Ryan Catherwood (@RyanCatherwood) is assistant vice president, alumni and career services at Longwood University (@longwoodu). An active CASE volunteer, he most recently presented at a master class on collaboration between alumni relations and career services in Gold Coast, Australia.
Last year the team in the Office of Alumni and Career Services at Longwood University set out to create a podcast in the genre of This American Life, the critically acclaimed radio show and podcast distributed by NPR. Each episode of This American Life has a theme that revolves around a central question or hypothesis. The goal is to tell one or multiple stories through interviews that take the listener along a narrative journey and try to answer the central question in different ways.
As total novices to audio storytelling, we were in over our heads from the beginning in attempting to create a podcast that engages both alumni and students around career stories. But we struggled, learned and persevered. Earlier this month, we launched season one of the Day After Graduation podcast.
To help out future engagement pros considering alternative programming like a podcast, here are five tips for starting a podcast based on what we’ve learned at Longwood.
1. Vetting alumni storytellers and their narratives in advance of recording the interview is absolutely critical.
While we’ve been able to use LinkedIn and also Longwood Magazine’s class notes section to identify possible interview subjects, we learned how critical it was to have a “vetting” phone call in advance of recording. This call enables us to have a better sense of the story we’re trying to get the interview subject to tell. We also try to learn whether or not the alum is a charismatic storyteller.
We call possible alumni storytellers on the phone and flesh out the unique occurrences and pivotal moments from their biography. This allows us to better prepare for the recorded interview. Getting to know the storyteller in advance also allows us to build rapport and helps eliminate some nervousness.
2. Be picky about the stories and be tough on the quality of the audiotape.
During the last year, we’ve interviewed more than 70 alumni and friends of Longwood for possible inclusion in our 10-episode, season one of the Day After Graduation podcast. Some of that is because we’ve changed directions creatively. But as we’ve learned how to use our recording equipment, we’ve scrapped interviews with lower-quality sound and interviews that don’t contain rich storytelling. We’re looking for stories with a climax and some level of emotionality. As a team, we always ask ourselves whether the interview contains unique, interesting and entertaining moments.
3. Audio loves honesty.
This phrase (not my own) has been our guiding light when it comes to interviewing. We always try to ask questions during interviews like, “How did that make you feel?” and “What were you thinking at that moment?”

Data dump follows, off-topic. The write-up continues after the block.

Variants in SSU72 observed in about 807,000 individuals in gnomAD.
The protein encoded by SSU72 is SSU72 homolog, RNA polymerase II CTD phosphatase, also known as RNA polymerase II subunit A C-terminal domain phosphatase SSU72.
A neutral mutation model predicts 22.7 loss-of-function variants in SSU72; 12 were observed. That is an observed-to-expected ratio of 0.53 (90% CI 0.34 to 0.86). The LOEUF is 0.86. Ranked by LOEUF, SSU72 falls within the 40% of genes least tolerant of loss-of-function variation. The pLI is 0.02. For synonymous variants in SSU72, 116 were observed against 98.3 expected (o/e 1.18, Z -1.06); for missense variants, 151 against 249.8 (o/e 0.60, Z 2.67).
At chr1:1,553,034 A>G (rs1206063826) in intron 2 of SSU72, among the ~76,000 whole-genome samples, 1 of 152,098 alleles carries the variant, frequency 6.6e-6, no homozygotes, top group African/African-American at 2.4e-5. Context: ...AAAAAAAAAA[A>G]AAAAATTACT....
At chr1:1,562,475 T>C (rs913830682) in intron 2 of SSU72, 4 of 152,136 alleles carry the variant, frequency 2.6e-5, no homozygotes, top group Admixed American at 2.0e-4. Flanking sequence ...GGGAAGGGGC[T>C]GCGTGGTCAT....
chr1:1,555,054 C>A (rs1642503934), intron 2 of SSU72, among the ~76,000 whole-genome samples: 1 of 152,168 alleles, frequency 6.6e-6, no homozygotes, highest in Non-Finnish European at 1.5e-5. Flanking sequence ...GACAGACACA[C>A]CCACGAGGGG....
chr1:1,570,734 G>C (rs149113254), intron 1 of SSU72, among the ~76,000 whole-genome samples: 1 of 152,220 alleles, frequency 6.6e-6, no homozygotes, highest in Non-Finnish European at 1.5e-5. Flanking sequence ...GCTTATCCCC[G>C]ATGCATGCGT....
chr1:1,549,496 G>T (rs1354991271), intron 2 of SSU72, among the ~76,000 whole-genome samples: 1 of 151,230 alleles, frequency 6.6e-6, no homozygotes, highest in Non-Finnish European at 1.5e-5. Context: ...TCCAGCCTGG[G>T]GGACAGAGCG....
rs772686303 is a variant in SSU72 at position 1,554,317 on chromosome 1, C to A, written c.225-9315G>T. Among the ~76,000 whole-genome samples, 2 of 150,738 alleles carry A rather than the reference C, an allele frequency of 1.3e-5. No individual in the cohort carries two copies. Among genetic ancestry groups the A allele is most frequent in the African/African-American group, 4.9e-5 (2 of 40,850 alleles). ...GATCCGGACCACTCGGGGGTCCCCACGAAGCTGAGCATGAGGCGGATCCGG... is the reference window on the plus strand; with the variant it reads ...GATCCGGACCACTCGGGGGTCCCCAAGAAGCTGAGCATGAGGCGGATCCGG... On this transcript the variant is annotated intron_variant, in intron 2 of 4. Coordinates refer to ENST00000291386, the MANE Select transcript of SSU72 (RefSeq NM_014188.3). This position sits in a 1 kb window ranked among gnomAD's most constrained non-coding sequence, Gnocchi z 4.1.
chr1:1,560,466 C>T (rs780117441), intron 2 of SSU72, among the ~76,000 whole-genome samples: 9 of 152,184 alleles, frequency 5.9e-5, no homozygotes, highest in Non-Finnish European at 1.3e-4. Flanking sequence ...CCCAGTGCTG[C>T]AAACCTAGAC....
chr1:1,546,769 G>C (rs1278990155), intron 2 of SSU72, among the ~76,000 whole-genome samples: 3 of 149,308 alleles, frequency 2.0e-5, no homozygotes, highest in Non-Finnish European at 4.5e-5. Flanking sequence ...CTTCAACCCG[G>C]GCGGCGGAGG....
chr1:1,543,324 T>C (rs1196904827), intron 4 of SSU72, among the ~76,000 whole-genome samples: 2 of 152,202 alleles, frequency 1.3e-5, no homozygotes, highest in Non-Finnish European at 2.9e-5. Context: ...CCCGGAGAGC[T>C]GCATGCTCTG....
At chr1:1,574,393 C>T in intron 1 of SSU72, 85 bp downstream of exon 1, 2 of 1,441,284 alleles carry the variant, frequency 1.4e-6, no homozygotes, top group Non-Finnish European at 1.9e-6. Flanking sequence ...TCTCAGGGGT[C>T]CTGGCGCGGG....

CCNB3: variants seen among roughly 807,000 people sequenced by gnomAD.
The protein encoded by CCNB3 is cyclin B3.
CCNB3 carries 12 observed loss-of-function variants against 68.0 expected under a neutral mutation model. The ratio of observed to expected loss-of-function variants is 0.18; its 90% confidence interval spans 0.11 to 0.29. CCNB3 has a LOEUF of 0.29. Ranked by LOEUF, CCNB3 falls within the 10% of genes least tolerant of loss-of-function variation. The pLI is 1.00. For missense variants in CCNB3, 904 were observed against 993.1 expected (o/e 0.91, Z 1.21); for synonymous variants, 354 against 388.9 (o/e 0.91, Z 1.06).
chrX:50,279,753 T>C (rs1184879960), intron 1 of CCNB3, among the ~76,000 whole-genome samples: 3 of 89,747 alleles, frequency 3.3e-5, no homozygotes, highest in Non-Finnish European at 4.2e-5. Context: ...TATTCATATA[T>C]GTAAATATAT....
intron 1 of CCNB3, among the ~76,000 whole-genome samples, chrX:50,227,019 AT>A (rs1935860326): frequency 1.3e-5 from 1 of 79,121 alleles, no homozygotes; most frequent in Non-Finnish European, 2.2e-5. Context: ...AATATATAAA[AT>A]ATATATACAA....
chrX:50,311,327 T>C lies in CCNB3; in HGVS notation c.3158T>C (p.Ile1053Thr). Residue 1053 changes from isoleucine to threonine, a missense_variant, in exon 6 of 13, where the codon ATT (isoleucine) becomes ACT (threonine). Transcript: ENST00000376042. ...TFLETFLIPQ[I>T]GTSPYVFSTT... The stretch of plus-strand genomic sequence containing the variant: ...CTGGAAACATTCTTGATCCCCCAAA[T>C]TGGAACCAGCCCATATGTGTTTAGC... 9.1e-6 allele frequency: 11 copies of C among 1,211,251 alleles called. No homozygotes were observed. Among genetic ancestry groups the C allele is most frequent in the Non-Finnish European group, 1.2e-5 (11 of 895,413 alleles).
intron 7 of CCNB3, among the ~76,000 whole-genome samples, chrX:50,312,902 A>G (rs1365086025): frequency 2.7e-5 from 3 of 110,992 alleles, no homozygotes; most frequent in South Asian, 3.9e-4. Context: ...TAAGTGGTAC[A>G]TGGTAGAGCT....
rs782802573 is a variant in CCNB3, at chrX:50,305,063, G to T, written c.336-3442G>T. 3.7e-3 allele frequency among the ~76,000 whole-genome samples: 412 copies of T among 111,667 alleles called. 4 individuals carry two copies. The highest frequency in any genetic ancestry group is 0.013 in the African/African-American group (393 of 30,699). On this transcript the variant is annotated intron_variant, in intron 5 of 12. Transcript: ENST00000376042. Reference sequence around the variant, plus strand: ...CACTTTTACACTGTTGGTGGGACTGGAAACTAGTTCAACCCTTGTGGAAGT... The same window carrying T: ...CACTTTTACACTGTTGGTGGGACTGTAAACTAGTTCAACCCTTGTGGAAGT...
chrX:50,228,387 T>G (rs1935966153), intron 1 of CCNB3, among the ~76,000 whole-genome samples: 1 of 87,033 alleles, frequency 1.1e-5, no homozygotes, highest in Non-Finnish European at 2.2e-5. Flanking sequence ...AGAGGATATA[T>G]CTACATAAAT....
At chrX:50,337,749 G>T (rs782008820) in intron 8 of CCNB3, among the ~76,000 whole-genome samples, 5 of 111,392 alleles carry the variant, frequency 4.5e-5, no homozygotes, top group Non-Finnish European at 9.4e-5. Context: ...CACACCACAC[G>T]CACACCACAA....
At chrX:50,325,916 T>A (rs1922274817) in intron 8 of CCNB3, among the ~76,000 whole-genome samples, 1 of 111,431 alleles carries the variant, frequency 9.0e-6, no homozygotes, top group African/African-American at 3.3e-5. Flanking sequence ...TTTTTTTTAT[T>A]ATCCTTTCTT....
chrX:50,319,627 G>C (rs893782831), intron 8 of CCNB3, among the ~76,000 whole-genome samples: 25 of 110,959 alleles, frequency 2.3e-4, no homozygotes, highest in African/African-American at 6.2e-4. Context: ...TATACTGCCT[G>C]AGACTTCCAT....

The goal is to color in the story with honest and candid reflections. We’ve discovered the best tape is when we can obtain these moments of deeply personal reflection.
(ABOVE: Enjoying some pizza and podcast promotion with my colleagues.)
4. Find a partner to help with editing and audio engineering.
We were hugely fortunate to find a great partner in developing our podcast. As we set out to create Day After Graduation, we knew we didn’t have the skills (yet) to breakdown an hourlong interview into its best six to 10 minutes, add narration and then build the actual podcast with great music and sound design. We found Cordie Walker and his company, Just Hit Publish, to help with this process. I highly recommend reaching out to Cordie if you’re considering a similar project or finding an expert partner.
5. Starting out, try to make each episode better than the last as the number one goal
There aren’t any comparable podcasts from within higher education as far as we could find. Our goal for the next six to 12 months is to work hard promoting the podcast to alumni and student listeners and establish a baseline understanding of our audience. We’re still discovering what those baseline measureables look like. Our long-term goal is absolutely to gain more listeners, but our short-term goal is simple: work hard to refine our interviewing and storytelling skills.
If the podcast is good, we believe our stakeholders will listen.
Please have a listen to Longwood University’s Day After Graduation podcast. I’d appreciate feedback very much as we strive to make it better.
Great questions! This first season we emailed everyone and explained how much their help guided us during this learning process. We thanked everyone and let them know we wouldn’t be using all the interviews we collected as we changed creative directions. Moving forward though since we have a process in place now for vetting, we should be able to use the majority of interview content we collect. We’ve been far more selective and deliberate recently. For sound, yes in person is way better. However, Skype has a great recording tool called ECAMM ($25 download) and that along with two good mics on either end make it sound great. Not quite as good as in person but still good. We’ve started hard mailing mics to interviewees with return postage so they’ll have upgraded sound. Must use headphones too and hardwired is better than Wifi.
Question – what do you do with the interviews you don’t use? And how do you break it to the alumni who won’t be included? Also, do you do this recording in person (which I suppose would limit you to local alums) or can you record remotely over the phone or computer? Would appreciate learning more!